Introduction

Breast cancer is the second leading cause of cancer-related mortality among women in the United States (US) after lung cancer (1). In 2007, ~178,480 women were expected to be diagnosed with invasive breast cancer and 40,460 women were expected to die due to breast cancer in the US (2). Risk factors for breast cancer include personal or family history of breast cancer, delayed pregnancy, use of oral contraceptives, hormone replacement therapy, early menarche, or late menopause (3). Screening mammography is considered to be the gold standard for identifying early stage breast cancer (4). The American Cancer Society (ACS) recommends annual mammography screening for all women [greater than or equal to]40 years of age with an average risk of breast cancer (5).

High poverty rates and health care disparities characterize the Appalachian region (6-8). Studies have reported higher incidence rates of cancer and other chronic diseases in Appalachia compared to the rest of the country (9-13). A recent study by Wingo and colleagues reported invasive breast cancer to be the most common type of cancer among Appalachian women (13). West Virginia (WV) is the only state situated entirely in Appalachia and has a large rural population characterized by poverty, low levels of education, and underserved healthcare needs. As is the case with the entire Appalachian region, breast cancer is one of the most prevalent cancers among women in WV (14). In 2004, self reported annual mammography screening rate among women aged [greater than or equal to]40 years in WV was 58.1%, which is lower than the national mammography screening rate of 58.3% and also below the Healthy People 2010 target of 70% (2,15).

Given the unique environmental and socio-demographic setting of the Appalachia, researchers have investigated the screening rates for breast cancer in the region. Studies have found mammography screening rates to be lower among women who are less educated, unemployed, residing in rural location, have low income, and lack health insurance (16,17). Though these studies provide useful information about breast cancer screening in the Appalachian region, the most recent estimate of the proportion of women who have not had mammography screening and factors associated with lack of mammography screening are not known for the state of WV. A review of the literature reveals that no previous study has collectively described breast cancer screening, incidence, and mortality rate among WV women. The purpose of this study is to: 1) determine the proportion of women >40 years of age who have not had a mammography screening in the past two years in 2006 in WV; 2) determine factors associated with lack of mammography screening; 3) report incidence rates of invasive breast cancer by county; and 4) report breast cancer-related mortality rates by county.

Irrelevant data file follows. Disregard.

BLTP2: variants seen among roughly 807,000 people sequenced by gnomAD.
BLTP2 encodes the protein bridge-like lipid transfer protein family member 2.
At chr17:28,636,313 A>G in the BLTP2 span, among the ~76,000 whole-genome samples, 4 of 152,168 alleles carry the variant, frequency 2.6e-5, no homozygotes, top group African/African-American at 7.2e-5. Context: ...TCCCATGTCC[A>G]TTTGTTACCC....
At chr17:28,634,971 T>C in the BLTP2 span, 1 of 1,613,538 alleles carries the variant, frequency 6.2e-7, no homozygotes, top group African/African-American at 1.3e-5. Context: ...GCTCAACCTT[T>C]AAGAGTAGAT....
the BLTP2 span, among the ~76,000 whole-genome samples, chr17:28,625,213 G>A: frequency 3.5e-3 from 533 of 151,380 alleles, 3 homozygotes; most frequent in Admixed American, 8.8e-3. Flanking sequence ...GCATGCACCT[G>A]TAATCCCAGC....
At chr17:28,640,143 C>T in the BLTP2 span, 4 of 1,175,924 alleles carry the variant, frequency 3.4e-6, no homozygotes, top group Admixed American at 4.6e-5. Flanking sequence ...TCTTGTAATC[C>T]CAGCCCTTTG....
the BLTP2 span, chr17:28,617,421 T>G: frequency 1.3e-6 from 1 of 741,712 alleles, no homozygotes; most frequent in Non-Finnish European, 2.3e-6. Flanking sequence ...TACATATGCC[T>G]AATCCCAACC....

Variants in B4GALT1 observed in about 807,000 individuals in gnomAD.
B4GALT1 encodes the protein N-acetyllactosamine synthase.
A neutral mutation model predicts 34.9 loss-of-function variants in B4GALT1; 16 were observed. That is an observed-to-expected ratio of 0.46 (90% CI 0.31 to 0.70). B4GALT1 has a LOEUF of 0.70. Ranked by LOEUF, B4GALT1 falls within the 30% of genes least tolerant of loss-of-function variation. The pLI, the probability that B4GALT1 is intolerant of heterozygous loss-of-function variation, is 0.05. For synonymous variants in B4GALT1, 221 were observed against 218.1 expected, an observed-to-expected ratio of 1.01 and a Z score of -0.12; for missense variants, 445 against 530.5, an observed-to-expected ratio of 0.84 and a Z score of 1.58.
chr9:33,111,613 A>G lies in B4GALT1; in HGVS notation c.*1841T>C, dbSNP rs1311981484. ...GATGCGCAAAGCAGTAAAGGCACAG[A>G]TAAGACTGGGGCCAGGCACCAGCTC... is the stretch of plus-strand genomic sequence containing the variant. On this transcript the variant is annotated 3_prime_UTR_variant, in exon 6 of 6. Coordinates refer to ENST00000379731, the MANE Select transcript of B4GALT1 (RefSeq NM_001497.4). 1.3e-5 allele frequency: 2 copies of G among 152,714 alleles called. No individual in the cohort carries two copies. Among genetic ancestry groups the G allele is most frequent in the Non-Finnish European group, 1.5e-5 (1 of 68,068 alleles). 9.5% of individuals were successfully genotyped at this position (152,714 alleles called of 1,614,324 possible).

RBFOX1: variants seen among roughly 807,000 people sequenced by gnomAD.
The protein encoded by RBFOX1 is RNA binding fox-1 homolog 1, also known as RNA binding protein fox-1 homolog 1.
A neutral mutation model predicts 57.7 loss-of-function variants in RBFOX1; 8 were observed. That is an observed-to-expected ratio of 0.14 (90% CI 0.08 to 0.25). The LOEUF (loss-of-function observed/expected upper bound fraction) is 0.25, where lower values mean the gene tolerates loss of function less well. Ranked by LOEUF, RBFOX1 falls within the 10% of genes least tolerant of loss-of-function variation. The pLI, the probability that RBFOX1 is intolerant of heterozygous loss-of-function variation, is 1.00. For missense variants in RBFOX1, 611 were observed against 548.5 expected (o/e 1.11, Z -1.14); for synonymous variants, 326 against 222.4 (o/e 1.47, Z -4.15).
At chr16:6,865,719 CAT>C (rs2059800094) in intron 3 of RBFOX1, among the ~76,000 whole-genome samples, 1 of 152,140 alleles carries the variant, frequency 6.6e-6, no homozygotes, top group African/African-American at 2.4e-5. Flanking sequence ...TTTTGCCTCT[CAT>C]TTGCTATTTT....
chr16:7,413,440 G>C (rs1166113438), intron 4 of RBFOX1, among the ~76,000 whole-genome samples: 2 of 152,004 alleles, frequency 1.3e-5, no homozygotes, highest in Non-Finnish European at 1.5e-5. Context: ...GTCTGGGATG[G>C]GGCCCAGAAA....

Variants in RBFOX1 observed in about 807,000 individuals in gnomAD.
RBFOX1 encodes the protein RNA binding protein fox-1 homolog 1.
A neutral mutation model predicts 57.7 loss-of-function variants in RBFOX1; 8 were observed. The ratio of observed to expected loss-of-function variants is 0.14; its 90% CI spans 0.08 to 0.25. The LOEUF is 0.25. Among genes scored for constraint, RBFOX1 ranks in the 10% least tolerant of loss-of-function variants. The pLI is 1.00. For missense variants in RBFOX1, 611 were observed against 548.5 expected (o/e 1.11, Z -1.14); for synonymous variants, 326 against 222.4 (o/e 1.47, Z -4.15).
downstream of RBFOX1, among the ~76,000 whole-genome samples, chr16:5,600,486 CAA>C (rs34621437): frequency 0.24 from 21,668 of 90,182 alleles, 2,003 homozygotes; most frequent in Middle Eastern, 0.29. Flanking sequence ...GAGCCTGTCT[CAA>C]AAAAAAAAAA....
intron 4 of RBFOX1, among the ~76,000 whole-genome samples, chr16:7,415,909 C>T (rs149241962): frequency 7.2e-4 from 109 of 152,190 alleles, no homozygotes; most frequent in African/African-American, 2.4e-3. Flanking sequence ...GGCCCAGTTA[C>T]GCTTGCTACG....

Data Sources and Methods

Given our study objectives, multiple data sources were used to ascertain breast cancer specific information for the state of WV. The study employed 2006 Centers for Disease Control and Prevention (CDC) Behavioral Risk Factor and Surveillance System (BRFSS), WV Cancer Registry (WVCR), and the CDC Wide-ranging Online Data for Epidemiologic Research (WONDER) data to ascertain breast cancer screening, incidence, and mortality related information, respectively.